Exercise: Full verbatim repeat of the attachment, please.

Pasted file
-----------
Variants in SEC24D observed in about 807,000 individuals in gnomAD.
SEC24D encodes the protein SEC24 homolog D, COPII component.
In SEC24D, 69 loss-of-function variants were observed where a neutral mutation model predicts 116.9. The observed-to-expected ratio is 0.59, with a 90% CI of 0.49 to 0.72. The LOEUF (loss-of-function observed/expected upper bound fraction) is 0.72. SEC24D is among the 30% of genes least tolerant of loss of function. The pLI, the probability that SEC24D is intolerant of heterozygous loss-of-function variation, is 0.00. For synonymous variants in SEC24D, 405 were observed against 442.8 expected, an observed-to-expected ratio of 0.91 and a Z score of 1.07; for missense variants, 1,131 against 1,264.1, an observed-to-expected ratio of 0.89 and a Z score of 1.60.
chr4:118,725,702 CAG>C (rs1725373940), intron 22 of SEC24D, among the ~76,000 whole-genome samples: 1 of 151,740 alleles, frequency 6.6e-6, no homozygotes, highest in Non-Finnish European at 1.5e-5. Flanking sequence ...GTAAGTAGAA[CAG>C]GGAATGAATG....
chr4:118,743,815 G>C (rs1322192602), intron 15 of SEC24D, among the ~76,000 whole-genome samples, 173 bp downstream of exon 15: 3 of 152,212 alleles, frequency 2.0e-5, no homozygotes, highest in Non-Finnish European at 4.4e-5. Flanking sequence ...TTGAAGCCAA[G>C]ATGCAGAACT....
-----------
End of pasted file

Variants in SEC24D observed in about 807,000 individuals in gnomAD.
SEC24D encodes the protein SEC24 homolog D, COPII component.
In SEC24D, 69 loss-of-function variants were observed where a neutral mutation model predicts 116.9. The observed-to-expected ratio is 0.59, with a 90% CI of 0.49 to 0.72. The LOEUF (loss-of-function observed/expected upper bound fraction) is 0.72. SEC24D is among the 30% of genes least tolerant of loss of function. The pLI, the probability that SEC24D is intolerant of heterozygous loss-of-function variation, is 0.00. For synonymous variants in SEC24D, 405 were observed against 442.8 expected, an observed-to-expected ratio of 0.91 and a Z score of 1.07; for missense variants, 1,131 against 1,264.1, an observed-to-expected ratio of 0.89 and a Z score of 1.60.
chr4:118,725,702 CAG>C (rs1725373940), intron 22 of SEC24D, among the ~76,000 whole-genome samples: 1 of 151,740 alleles, frequency 6.6e-6, no homozygotes, highest in Non-Finnish European at 1.5e-5. Flanking sequence ...GTAAGTAGAA[CAG>C]GGAATGAATG....
chr4:118,743,815 G>C (rs1322192602), intron 15 of SEC24D, among the ~76,000 whole-genome samples, 173 bp downstream of exon 15: 3 of 152,212 alleles, frequency 2.0e-5, no homozygotes, highest in Non-Finnish European at 4.4e-5. Flanking sequence ...TTGAAGCCAA[G>C]ATGCAGAACT....